Armenia Table of Contents
In 1990 Armenia produced less than 1 percent of its energy requirement, which was filled by imports from Russia (50 percent) and other republics of the Soviet Union. In the late Soviet era, Armenia had a share in the Joint Transcaucasian Power Grid, but that arrangement and short-term supply agreements with Azerbaijan ended with the Nagorno-Karabakh conflict. The 1988 earthquake destroyed the largest nonnuclear thermoelectric plant; two remaining plants are located south of Erevan and near Razdan, northeast of Erevan.
Hydroelectric plants provide 30 percent of domestic electricity, but the output of the largest producer, the Razdan Hydroelectric Plant, was cut drastically because of its negative effect on the water level of its source, Lake Sevan. By early 1994, however, a fifth hydroelectric generating unit was under construction, with international funding, to help alleviate the energy shortage. Planners are also considering construction of two medium-sized hydroelectric stations on the Dzoraget and Debet rivers in the far north, or 300 to 450 small stations on lakes. The obstacle to such plans is the high cost of importing technology.
In the early 1990s, severe shortages of energy led to blackouts, periodic shutdowns of the subway system, inadequate heating of urban buildings, and the further decline of industry. Schools, institutes, and universities were closed through the winters of 1991-92 and 1992-93.
In the 1980s, Soviet planners had attempted to improve Armenia's power generation capacity by building the Armenian Atomic Power Station at Metsamor. However, that station's two reactors were shut down after the 1988 earthquake to avoid future earthquake damage that might cause an environmental catastrophe. The heat and power crisis caused by the Azerbaijani blockade instituted in 1991 caused the government to reconsider use of Metsamor, despite the station's location in earthquake-prone northern Armenia and the possibility of a terrorist attack that could release large amounts of radiation.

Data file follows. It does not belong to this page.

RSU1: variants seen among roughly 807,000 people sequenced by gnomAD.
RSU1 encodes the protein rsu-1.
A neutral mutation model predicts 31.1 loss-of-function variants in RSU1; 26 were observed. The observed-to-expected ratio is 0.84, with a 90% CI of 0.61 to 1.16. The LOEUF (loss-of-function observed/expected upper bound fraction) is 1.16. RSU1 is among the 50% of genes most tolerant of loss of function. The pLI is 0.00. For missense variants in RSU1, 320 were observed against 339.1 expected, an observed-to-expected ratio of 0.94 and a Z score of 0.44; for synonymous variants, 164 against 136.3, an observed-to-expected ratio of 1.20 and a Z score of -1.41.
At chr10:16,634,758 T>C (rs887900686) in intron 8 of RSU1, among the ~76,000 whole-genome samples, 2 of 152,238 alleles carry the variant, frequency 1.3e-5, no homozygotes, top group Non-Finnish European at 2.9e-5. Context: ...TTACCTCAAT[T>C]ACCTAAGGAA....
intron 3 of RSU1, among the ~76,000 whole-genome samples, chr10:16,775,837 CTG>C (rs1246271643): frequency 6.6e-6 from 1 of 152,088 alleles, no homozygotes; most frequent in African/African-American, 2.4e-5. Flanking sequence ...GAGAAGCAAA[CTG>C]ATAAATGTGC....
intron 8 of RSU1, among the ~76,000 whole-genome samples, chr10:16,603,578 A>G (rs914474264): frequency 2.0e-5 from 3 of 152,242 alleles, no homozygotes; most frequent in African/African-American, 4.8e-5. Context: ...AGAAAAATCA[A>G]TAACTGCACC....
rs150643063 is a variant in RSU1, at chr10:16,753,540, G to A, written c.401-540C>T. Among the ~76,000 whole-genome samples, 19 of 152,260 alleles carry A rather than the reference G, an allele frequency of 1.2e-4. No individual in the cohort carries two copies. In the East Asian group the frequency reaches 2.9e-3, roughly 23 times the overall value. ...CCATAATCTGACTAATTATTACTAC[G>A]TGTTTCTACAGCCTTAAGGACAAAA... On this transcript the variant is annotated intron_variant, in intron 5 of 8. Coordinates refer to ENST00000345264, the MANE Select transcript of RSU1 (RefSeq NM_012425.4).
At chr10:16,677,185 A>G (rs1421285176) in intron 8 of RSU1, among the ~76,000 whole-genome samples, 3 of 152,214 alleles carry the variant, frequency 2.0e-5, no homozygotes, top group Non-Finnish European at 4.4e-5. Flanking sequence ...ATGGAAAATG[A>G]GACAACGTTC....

In 1993 Metsamor had an estimated capacity to provide 20 percent of Armenia's energy requirements. Plans were made for startup of one of the two reactors by 1995 after careful equipment testing and international technical assistance--with the provision that the plant would remain closed if alternative sources of power could relieve the acute shortage of the prior three years.
In 1993 the delivery of electric power to industrial consumers was cut to one-third of the 1992 level. Under continued blockade conditions, the winter of 1993-94 brought acute shortages of coal, heating oil, and kerosene to heat homes and city apartment buildings and to keep industries running. Significant deposits of high-quality coal have been identified in Armenia, with holdings estimated at 100 million tons. But exploitation would require massive deforestation, a consequence that is considered environmentally prohibitive. In September 1993, Turkmenistan agreed to deliver 8.5 million cubic meters of natural gas per day during the winter, as well as kerosene and diesel fuel in 1994. (Turkmenistan was already an important fuel supplier to postcommunist Armenia.) Although Georgia guaranteed full cooperation in maintaining gas delivery through its pipeline into Armenia, in 1993 explosions on the line interrupted the flow twelve times. Azerbaijani groups in Georgia were assumed to be responsible for the bombings.
Data as of March 1994